“The Blessings of Dreams” by Michelle Margolis

Michelle Margolis


in memory, B.

That man is fortunate, who, in the hour before falling
into unsouled sleep
is able to get up, wind his watch and brush his teeth, dress,
put on the shoes his wife had stuffed with tissue
so they’d look new when she gives them away—

lucky is that man, who, astonished, folds the sheets, plumps
the pillow on which his head
made an impression, who doesn’t bother to tell his wife
because he has so much to do
now that he’s been spared, O, and the day!—beautiful, bright,
picture perfect, only someone’s calling—

why not ignore what’s mind-play, delusion—only someone’s
in a voice that’s clear, insistent, he’s remembering a fall
of days that never came to, arriving as they did
without the agency of a moon, mornings dark as nights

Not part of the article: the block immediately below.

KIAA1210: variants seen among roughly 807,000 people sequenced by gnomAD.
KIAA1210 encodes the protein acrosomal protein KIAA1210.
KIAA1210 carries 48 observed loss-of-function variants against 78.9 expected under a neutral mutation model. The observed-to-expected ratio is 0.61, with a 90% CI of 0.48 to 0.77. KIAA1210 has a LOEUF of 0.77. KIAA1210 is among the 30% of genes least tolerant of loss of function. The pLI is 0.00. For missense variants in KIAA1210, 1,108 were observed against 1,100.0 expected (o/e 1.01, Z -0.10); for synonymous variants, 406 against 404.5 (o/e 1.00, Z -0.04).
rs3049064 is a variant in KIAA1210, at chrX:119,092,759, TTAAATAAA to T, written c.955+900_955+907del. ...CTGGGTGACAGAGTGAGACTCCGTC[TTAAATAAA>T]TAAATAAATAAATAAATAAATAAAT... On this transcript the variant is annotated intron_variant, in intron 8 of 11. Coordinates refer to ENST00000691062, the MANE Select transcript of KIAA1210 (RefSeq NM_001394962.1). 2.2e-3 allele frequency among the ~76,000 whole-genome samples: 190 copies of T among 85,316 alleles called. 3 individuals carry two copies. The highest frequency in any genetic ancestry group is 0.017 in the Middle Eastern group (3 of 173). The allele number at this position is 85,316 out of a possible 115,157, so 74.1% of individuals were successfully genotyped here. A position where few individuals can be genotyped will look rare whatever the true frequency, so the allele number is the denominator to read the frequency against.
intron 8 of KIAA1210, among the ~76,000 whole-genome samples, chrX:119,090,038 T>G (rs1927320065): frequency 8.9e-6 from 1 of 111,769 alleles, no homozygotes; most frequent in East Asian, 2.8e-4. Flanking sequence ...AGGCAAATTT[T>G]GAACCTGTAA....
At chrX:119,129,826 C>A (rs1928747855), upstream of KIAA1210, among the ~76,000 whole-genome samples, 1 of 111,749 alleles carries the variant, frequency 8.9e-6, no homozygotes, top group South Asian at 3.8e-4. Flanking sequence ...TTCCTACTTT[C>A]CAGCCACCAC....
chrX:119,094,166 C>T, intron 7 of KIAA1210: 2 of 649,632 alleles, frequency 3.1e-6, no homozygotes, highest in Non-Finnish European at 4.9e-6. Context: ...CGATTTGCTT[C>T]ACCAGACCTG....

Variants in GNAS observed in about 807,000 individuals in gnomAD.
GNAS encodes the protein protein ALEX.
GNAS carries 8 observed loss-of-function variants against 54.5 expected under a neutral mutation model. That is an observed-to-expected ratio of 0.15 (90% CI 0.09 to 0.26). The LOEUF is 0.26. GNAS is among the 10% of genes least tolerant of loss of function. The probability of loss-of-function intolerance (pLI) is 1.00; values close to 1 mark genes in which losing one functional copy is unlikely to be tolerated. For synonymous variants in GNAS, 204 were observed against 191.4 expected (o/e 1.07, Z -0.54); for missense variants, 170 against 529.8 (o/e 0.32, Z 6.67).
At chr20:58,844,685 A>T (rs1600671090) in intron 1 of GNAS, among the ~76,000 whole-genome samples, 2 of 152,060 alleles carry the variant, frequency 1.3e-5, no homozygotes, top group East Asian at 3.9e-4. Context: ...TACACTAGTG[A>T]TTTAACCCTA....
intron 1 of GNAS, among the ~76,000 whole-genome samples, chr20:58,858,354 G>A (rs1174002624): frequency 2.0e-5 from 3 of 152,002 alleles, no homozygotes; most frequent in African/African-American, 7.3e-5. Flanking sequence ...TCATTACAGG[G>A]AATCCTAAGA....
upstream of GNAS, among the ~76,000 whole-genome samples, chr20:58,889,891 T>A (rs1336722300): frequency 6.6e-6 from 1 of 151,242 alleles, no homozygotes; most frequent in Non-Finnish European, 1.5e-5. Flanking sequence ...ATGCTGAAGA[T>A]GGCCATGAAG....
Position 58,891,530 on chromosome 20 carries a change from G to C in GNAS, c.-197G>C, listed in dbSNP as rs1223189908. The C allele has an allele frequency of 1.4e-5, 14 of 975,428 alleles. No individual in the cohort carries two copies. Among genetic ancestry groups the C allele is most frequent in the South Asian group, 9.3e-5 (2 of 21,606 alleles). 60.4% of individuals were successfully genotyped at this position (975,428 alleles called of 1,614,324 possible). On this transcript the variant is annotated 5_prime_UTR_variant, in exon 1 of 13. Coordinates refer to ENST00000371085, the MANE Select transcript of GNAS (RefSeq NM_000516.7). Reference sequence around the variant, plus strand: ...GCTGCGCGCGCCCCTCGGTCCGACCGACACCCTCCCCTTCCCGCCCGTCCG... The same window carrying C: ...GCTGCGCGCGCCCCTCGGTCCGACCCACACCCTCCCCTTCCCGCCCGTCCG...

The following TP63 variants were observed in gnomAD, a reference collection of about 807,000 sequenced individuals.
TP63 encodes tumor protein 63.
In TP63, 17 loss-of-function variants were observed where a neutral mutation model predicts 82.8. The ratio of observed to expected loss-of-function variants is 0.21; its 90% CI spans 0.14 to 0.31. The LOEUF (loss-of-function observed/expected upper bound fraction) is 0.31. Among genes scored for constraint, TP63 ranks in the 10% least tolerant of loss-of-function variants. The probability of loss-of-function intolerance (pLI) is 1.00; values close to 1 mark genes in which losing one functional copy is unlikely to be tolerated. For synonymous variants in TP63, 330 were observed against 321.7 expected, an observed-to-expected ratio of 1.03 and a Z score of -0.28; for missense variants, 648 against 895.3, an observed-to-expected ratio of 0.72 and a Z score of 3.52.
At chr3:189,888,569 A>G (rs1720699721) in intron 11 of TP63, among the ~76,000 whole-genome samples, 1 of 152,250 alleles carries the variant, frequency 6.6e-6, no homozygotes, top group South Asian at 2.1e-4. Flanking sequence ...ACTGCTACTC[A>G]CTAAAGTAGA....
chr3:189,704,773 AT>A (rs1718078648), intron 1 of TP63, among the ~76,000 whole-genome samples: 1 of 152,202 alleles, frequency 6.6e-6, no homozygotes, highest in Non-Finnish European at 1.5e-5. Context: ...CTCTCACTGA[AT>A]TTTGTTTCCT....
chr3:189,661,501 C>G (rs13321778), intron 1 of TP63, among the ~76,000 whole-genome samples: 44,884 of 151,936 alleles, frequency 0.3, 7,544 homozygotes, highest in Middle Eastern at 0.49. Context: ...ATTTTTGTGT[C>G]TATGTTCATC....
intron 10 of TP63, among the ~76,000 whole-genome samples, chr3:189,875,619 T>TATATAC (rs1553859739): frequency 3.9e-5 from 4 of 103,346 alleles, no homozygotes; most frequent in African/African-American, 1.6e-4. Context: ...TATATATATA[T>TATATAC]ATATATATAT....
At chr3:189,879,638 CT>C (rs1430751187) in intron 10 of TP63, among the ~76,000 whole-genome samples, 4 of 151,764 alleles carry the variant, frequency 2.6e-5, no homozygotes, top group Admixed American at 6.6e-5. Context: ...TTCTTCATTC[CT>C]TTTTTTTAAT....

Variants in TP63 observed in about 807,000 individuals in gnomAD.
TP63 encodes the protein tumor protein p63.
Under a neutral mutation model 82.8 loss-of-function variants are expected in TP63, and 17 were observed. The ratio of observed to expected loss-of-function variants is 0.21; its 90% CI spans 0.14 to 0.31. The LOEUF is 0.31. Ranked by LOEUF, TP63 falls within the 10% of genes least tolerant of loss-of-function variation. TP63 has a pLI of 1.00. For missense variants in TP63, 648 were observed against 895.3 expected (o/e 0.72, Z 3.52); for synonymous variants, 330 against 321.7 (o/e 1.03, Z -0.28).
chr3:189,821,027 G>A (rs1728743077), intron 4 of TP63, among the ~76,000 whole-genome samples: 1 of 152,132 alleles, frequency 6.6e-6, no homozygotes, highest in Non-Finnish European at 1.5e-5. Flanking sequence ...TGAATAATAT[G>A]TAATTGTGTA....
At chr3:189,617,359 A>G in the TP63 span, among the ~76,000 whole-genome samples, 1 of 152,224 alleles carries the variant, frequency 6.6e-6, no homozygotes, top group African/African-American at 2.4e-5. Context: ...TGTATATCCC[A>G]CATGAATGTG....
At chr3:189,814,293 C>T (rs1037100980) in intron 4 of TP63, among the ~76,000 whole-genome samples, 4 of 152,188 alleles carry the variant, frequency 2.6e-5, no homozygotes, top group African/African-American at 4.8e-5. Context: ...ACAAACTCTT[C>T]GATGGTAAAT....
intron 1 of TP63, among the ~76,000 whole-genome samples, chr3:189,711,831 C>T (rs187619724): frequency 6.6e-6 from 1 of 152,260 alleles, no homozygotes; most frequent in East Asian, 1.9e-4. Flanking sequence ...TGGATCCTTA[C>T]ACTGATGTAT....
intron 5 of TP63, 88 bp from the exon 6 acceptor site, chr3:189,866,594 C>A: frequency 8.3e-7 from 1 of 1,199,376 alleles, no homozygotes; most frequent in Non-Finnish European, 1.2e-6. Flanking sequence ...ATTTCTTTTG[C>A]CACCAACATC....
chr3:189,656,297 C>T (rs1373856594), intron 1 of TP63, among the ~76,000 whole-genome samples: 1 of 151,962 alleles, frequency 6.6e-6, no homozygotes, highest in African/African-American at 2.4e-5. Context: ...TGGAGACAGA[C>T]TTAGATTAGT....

so he wouldn’t move,
he’d miss breakfast, be late for school—

all he ever wanted in the world was to stay home, in bed,
where the cold couldn’t touch him—

it wasn’t for him to decide though, or choose,
no more than the dream in which, unthinking, he quits the room.

from Rattle #22, Winter 2004

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Michelle Margolis: “I write to address questions that seem to have no answers. In rough drafts I usually think (or hope) I’m discovering things about life, relationships, etc., but upon ‘abandoning’ a poem, I find I’m left flailing in mystery. Thankfully, I do not dwell too uncomfortably in the dark. Good thing, too—Orange County, California is something of a wasteland for writers.”

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